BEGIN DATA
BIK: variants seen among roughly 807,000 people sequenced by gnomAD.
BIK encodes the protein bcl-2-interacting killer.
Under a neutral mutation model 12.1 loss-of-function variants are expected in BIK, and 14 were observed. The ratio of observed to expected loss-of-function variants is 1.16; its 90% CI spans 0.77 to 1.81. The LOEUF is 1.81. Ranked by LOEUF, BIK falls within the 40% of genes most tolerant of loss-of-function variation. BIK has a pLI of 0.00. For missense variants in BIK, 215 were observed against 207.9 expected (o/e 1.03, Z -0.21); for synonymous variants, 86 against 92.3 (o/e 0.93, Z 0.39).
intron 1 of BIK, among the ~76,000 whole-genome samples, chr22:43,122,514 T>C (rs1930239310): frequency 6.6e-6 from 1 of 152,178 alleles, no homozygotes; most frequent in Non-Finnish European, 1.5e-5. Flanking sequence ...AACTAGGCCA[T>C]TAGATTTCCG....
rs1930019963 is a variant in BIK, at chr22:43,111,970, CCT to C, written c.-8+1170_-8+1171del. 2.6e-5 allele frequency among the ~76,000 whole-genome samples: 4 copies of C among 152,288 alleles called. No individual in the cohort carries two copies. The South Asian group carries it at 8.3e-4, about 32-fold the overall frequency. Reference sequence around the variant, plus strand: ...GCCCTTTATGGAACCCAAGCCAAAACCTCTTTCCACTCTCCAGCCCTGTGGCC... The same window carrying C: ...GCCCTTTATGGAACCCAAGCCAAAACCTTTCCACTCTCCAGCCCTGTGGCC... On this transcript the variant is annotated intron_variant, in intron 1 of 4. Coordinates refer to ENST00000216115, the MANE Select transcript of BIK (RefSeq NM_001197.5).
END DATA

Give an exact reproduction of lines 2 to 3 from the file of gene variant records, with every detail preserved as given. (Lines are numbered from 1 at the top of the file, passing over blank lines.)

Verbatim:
BIK encodes the protein bcl-2-interacting killer.
Under a neutral mutation model 12.1 loss-of-function variants are expected in BIK, and 14 were observed. The ratio of observed to expected loss-of-function variants is 1.16; its 90% CI spans 0.77 to 1.81. The LOEUF is 1.81. Ranked by LOEUF, BIK falls within the 40% of genes most tolerant of loss-of-function variation. BIK has a pLI of 0.00. For missense variants in BIK, 215 were observed against 207.9 expected (o/e 1.03, Z -0.21); for synonymous variants, 86 against 92.3 (o/e 0.93, Z 0.39).